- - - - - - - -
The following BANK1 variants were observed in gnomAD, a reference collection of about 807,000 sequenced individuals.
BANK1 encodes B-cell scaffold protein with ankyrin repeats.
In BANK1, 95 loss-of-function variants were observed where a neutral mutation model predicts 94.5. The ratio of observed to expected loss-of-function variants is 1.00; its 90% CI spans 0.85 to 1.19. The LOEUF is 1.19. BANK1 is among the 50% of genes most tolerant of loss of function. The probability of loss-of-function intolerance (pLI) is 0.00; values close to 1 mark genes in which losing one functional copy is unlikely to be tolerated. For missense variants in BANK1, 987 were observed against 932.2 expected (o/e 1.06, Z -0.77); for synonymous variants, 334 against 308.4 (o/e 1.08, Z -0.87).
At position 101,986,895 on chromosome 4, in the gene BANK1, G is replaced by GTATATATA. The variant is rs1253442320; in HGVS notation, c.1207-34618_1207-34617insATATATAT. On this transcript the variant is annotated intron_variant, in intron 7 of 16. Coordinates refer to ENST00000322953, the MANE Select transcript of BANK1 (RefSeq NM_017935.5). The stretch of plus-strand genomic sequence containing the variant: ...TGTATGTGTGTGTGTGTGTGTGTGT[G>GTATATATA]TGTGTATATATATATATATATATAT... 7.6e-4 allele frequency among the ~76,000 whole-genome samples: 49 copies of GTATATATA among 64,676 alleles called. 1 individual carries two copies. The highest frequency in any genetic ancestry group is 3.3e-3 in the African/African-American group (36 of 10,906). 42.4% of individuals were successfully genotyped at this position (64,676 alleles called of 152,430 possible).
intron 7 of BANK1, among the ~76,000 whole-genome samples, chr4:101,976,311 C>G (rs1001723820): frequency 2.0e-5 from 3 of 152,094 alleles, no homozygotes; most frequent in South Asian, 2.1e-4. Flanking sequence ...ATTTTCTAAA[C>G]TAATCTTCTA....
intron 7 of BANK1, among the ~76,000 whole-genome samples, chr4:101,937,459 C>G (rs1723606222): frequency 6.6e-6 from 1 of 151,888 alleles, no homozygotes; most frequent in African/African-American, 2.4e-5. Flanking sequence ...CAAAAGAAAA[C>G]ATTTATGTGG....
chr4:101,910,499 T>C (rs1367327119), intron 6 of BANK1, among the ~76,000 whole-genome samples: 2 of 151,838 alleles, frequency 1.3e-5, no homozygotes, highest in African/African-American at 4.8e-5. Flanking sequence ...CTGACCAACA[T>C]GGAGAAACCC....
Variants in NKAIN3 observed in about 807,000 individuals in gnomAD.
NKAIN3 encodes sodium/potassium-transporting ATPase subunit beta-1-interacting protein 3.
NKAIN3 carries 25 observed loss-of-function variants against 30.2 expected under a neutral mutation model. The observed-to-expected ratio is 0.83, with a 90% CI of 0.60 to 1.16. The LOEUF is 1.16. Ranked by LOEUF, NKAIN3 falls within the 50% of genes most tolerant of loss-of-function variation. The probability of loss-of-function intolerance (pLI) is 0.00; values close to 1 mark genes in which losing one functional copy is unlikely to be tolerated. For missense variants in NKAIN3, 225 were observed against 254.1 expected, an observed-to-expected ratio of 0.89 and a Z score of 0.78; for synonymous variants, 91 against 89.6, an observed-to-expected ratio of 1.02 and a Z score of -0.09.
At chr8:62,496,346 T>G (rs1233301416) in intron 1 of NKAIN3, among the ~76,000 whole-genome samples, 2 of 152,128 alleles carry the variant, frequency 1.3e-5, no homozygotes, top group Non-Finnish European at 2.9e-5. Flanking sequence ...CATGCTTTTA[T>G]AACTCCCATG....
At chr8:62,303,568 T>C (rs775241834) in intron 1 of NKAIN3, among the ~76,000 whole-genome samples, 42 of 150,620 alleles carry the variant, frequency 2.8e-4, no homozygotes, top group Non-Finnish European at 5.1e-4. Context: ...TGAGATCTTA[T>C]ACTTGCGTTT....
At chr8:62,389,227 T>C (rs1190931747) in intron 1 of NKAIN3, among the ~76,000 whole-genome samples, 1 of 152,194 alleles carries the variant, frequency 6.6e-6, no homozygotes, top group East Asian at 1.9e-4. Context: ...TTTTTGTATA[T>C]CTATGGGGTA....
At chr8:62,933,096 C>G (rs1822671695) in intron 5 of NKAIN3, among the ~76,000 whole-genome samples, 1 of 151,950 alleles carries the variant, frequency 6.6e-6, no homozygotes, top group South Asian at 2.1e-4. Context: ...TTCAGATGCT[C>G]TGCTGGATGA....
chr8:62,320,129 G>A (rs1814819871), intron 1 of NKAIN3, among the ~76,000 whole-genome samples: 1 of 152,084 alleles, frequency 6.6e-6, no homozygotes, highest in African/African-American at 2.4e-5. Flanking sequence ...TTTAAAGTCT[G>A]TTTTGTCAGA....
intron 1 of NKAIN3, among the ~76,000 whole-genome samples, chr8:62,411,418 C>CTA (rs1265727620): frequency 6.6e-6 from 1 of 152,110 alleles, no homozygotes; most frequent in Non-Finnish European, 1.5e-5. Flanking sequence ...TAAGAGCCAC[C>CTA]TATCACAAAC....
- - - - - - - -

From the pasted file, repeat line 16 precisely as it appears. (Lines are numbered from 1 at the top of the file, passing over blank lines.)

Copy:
intron 1 of NKAIN3, among the ~76,000 whole-genome samples, chr8:62,411,418 C>CTA (rs1265727620): frequency 6.6e-6 from 1 of 152,110 alleles, no homozygotes; most frequent in Non-Finnish European, 1.5e-5. Flanking sequence ...TAAGAGCCAC[C>CTA]TATCACAAAC....